Earlier this week, along with the help of Citizen Lab, Shodan, VirusTotal, Censys, ReversingLabs and Rapid7, Recorded Future published their latest research paper. Officially entitled “Underlying Dimensions of Yemen’s Civil War: Control of the Internet,” the paper chronicles the devastating effects of years of War on Yemen internet infrastructure, usage and connectivity. Among other topics, the report details how control of the internet in the country has shifted over the years, as well as how the internet landscape has shifted as different Waring factions have taken control over different portions of the country.
- Since taking Yemen’s capital, Sana’a, in September 2014, the Houthi rebels have controlled YemenNet – Yemens main ISP.
- Houthi rebels continue to use what’s left of YemenNet’s IP infrastructure to host Coinhive mining services in order to generate revenue to fund their War effort.
- The Houthi Government controls about 500 “official” Yemeni Government websites through the .ye domain.
- In June 2018 the Hadi government created an entirely new ISP called AdenNet to counteract Houthi internet controls.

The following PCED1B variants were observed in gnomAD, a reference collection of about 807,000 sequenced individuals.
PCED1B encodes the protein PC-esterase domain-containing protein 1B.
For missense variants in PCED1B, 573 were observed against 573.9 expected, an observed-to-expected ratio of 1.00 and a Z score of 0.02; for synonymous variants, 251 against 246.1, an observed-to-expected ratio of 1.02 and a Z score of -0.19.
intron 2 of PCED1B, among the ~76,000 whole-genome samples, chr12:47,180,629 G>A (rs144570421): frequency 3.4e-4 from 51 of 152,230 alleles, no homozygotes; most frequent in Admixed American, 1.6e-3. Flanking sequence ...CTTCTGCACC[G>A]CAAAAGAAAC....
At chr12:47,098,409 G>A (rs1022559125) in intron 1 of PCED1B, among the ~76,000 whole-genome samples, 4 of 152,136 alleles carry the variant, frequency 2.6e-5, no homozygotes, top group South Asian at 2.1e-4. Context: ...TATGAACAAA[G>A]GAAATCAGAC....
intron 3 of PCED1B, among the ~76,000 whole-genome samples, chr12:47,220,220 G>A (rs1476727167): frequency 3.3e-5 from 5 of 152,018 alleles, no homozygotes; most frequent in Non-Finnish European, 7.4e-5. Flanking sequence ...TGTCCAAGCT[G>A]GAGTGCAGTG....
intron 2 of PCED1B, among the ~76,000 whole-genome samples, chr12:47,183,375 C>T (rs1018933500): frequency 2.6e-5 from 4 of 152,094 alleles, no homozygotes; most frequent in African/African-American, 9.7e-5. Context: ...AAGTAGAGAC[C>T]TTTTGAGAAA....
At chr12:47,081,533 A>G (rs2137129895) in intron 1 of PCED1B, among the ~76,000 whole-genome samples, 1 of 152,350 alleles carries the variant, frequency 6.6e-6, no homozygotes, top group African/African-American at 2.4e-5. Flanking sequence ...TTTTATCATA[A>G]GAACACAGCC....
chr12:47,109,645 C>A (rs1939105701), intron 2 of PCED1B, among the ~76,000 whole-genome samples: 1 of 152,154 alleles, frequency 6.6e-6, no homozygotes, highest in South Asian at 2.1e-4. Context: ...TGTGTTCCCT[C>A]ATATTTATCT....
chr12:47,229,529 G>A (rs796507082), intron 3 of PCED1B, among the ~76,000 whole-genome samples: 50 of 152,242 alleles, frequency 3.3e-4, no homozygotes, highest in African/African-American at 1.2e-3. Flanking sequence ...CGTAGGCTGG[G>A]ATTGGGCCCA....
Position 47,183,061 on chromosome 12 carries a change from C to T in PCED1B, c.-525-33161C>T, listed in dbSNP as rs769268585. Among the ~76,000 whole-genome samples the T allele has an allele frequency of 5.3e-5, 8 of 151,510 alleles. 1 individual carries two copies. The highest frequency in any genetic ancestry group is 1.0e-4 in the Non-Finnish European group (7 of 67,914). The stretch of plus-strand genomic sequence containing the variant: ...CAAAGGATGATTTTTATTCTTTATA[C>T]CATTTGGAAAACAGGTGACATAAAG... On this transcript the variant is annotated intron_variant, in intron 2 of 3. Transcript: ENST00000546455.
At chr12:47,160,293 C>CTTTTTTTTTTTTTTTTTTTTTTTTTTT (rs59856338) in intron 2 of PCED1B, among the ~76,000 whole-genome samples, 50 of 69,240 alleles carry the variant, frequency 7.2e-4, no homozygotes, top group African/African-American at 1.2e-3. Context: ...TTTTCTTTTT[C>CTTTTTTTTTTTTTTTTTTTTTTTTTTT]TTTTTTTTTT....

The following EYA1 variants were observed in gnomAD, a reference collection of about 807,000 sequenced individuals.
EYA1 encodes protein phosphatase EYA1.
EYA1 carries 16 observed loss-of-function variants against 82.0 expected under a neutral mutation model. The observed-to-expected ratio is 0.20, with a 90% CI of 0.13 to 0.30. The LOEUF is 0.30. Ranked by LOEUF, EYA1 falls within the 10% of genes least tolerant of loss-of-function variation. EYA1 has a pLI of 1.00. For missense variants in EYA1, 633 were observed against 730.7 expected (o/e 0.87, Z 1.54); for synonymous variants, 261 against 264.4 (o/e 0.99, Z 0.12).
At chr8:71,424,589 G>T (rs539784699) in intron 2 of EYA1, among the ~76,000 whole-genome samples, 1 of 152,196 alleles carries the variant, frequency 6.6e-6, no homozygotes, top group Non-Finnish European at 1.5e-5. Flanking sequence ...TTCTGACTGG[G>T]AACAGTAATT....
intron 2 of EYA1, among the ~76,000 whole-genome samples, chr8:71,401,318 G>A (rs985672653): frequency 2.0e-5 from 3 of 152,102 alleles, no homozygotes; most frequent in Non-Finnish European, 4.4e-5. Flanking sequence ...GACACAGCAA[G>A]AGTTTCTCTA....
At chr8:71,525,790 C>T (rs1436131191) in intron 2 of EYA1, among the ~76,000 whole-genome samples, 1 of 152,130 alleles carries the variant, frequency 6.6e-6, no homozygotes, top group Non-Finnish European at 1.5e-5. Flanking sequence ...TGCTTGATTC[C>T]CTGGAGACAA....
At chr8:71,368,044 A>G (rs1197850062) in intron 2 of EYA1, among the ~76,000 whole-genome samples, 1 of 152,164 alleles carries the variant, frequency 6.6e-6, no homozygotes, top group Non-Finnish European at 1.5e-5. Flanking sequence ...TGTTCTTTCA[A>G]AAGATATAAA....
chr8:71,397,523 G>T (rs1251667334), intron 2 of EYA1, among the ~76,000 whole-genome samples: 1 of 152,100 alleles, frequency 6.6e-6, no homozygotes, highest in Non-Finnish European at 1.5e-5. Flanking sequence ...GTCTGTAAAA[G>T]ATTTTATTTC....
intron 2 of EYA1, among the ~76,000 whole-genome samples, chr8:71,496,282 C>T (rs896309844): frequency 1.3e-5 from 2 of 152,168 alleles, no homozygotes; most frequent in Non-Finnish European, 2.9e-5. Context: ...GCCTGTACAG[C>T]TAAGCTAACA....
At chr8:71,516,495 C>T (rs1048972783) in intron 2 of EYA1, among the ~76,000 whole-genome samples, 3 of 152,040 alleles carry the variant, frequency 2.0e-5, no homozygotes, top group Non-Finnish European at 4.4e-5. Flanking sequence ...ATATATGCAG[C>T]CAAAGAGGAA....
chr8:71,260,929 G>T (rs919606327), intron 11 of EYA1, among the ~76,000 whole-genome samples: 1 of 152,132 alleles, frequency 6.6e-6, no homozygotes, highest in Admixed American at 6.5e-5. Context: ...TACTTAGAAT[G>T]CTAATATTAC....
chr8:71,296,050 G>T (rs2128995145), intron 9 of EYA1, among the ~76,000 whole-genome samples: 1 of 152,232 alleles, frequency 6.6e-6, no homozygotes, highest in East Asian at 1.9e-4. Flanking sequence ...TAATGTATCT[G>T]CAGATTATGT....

- Only a small percentage of internet users in Yemen have the skills or knowledge to utilize VPNs, Tor, or routers with DNS recursion to circumvent government controls/surveillance.
- Major international players, including the United States, Russia, and China have deployed malware/spyware as a means to supplement military efforts and/or leverage political opponents/dissidents.
- Dating back to 2015, the “Yemen Cyber Army” has emerged as a major player launching attacks against government agencies.
- Yemen ranks 50th global in population, but 148th in domain registrations.
- The Houthi Government continues to block public access to WhatsApp, Facebook and Twitter.
- Since the Yemeni Civil War first began, roughly 80% of all fiber optic cables have been destroyed.
- Only 24.3% of Yemeni citizens currently have access to the internet in 2018, up from 19.1% in 2014.
- Roughly 50% of Yemeni citizens have access to cellular phones and/or landlines.
Download Full Research Paper Here: https://go.recordedfuture.com/hubfs/reports/cta-2018-1128.pdf
Read Full Study: